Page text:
Parliament

Gordon Campbell | Parliament TV | Parliament Today | Video | Questions Of the Day | Search

 

Health Status of Maori Children and Young People

Hon Tariana Turia

Associate Minister of Health

Friday 7 November 2012

Media Statement
Te Ohonga Ake – Report Two - Health Status of Maori Children and Young People

“It’s unacceptable to see that despite the work and investment being undertaken in health to reduce disparities between Maori and non-Maori, our Maori tamariki are still dying and suffering from diseases at a higher rate than others in this country.”

Associate Minister of Health Tariana Turia commented today on the release of the second of three reports in the Ministry of Health’s Te Ohonga Ake series on Maori child health. This second report focuses on the health status of Maori children and young people.

“While progress is being made and there is evidence of reductions in hospital admissions for meningococcal disease, infant mortality and some types of injuries, in other areas there has been little change. For example hospital admissions have continued to increase for acute rheumatic fever, rheumatic heart disease, serious skin infections, asthma and acute upper respiratory tract infections, pneumonia and whooping cough. Reports like this are a sober reminder about how much there is still to do, to achieve the progress we need.”

In March this year, the first report released described the health of Māori children and young people with chronic conditions and disabilities. In 2013, a third report is due on the determinants of Māori child and youth health.

“While action is being undertaken in a number of areas to address disparities highlighted in the report, it’s obvious that it’s not enough. For example more work needs to be done across the health sector to reduce sudden unexplained death in infancy (SUDI) amongst our whānau. The rate of death amongst our infants is still too high. There is almost a six fold disparity in SUDI between Maori and non-Maori infants.

“The report also shows that between 1996 and 2005, Maori children were admitted to hospital with acute rheumatic fever ten times higher than for the rest of the population. Yes we have invested $24m, over five years to reduce rheumatic fever rates through detection, but we need to be vigilant on all fronts. Otherwise families still living in damp, cold or over-crowded homes will continue to be at risk of highly infectious diseases.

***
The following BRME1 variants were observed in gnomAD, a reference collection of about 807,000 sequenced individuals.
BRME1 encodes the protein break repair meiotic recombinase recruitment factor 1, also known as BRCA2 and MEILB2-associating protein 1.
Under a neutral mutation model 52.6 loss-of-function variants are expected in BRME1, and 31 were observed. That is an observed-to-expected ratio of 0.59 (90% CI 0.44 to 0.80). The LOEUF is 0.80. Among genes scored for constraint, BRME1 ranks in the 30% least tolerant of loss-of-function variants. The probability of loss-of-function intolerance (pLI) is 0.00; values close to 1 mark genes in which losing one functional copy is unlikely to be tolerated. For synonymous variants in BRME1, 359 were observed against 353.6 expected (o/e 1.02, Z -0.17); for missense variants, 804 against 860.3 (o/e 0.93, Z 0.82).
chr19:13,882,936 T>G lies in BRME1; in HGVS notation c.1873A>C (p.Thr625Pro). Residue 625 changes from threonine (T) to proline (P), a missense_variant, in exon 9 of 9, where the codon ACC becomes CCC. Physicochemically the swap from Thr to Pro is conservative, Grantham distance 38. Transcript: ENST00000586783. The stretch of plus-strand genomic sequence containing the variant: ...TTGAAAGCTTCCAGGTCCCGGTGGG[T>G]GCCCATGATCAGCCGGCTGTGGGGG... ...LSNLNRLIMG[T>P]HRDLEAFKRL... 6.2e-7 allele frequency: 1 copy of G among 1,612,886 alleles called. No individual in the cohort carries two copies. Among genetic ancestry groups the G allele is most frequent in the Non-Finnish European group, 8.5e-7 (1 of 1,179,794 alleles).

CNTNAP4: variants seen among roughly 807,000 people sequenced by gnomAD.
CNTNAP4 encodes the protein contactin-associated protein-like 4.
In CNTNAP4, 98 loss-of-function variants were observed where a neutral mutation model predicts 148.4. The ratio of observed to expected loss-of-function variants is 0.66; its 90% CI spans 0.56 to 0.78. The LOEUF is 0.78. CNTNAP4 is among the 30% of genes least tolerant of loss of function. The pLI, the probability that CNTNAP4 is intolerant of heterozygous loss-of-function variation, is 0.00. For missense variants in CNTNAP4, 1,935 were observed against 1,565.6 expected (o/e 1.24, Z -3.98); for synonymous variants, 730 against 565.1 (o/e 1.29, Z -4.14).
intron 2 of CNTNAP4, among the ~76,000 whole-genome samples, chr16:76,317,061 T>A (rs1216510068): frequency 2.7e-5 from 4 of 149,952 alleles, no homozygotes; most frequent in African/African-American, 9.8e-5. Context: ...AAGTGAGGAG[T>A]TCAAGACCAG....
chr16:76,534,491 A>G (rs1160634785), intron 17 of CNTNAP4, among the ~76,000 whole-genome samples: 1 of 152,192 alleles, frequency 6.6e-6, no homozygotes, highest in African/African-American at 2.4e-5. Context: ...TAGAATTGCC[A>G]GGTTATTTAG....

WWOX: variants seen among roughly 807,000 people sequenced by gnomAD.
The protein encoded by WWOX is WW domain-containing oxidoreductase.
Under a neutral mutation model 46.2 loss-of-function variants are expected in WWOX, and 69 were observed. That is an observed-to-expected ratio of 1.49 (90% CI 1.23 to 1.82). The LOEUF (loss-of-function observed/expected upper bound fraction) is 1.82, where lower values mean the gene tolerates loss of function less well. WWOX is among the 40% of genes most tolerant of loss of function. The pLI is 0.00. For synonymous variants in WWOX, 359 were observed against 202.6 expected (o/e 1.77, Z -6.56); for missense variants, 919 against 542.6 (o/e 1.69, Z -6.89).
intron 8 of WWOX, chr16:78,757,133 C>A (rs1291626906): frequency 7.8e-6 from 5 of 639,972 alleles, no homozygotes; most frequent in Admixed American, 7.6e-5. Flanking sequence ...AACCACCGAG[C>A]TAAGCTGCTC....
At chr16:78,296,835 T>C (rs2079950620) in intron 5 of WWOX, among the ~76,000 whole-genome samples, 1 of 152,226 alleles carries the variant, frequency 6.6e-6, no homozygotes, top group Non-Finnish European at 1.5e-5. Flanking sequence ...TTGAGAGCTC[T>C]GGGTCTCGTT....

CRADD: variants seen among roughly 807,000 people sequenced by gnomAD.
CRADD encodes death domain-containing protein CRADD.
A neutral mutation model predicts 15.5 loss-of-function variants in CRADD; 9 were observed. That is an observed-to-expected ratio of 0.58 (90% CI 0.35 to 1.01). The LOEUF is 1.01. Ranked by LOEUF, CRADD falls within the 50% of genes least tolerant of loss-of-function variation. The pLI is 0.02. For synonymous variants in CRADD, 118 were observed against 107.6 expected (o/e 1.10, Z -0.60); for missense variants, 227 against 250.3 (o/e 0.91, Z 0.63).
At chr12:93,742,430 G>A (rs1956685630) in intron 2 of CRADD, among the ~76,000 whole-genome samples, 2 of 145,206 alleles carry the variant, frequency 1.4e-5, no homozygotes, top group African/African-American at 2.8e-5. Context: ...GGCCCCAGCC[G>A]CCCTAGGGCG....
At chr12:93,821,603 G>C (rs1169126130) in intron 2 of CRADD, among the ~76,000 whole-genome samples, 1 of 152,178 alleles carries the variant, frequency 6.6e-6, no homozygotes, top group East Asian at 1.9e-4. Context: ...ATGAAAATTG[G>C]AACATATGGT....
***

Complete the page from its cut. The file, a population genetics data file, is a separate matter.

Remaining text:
“My expectation is that all government agencies work in collaboration with health professionals at all levels. Our health cannot be dealt with in isolation of issues like education, employment and housing.”

All three reports are being produced by the New Zealand Child and Youth Epidemiology Service of Otago University and will be available on their website and at www.health.govt.nz.

ENDS


© Scoop Media

 
 
 
 
 
Parliament Headlines | Politics Headlines | Regional Headlines

Gordon Campbell: On (Not) Taking Responsibility, Terrorism Porn, And Dylan’s 76th

So Martin Matthews, our current Auditor-General wishes he could have detected “earlier” the fraud that occurred on his watch at the Ministry of Transport. Hmmm. But he could have detected it earlier, surely? That’s the point.

Reportedly, some junior members of his staff had been trying to tell him and his senior colleagues in management for years about the fraudulent actions of Joanne Harrison... Not only were those internal alerts apparently ignored. Some of the whistle blowers were allegedly punished by losing their jobs, as Harrison and her colleagues in management took revenge on them... More>>

Auditor-General's Statement: Standing Aside for Review of Appointment
Yesterday, I wrote to the Speaker of the House of Representatives and requested an independent person review my suitability for the role of Controller and Auditor-General... More>>

 

NGOs Pleased: Govt To Halt Collection Of Client Data

Brenda Pilott, the chair of ComVoices and national manager of Social Service Providers Aotearoa, congratulates the government on its decision to call a halt to the collection of individual client data until the concerns of not-for-profit service providers have been worked through. More>>

ALSO:

Gosh: Blasphemy Law Repeal Struck Down

Chris Hipkins, the MP who tabled a Supplementary Order Paper to add our Blasphemy Law to the Statutes Repeal Bill, said this was a "sad day for freedom of speech, tolerance, and leadership". More>>

ALSO:

Gordon Campbell: On The Navy’s Dealings With Fat Leonard, And Twin Peaks

At an official level, our “she’ll be right” attitude routinely spills over into a keen resentment of anyone who suggests the outcomes may be less than satisfactory… The Navy has now gone one step beyond. It won’t even ask itself whether it did a good job. More>>

ALSO:

NZDF: Fifth Rotation Of Troops Heads To Iraq

The fifth rotation of New Zealand Defence Force troops left today for a six-month mission training Iraqi soldiers. More>>

ALSO:

Gordon Campbell: On The Demonising Of Iran

Will New Zealand still be willing to pursue its recent trade overtures to Iran, now that US President Donald Trump has used his speech in Riyadh to single out Iran as the main source of terrorism and instability in the Middle East? More>>

ALSO:

Pre-Budget Offers: Green Party’s New Plan Puts Kiwi Families First

The Green Party has a plan to help all Kiwi kids have a great start to life, by giving parents more financial support and more flexibility at work. More>>

ALSO:

 
 
 
 

Opening The Election Supporters

 

LATEST HEADLINES

  • PARLIAMENT
  • POLITICS
  • REGIONAL
 
 

Featured InfoPages

Opening the Election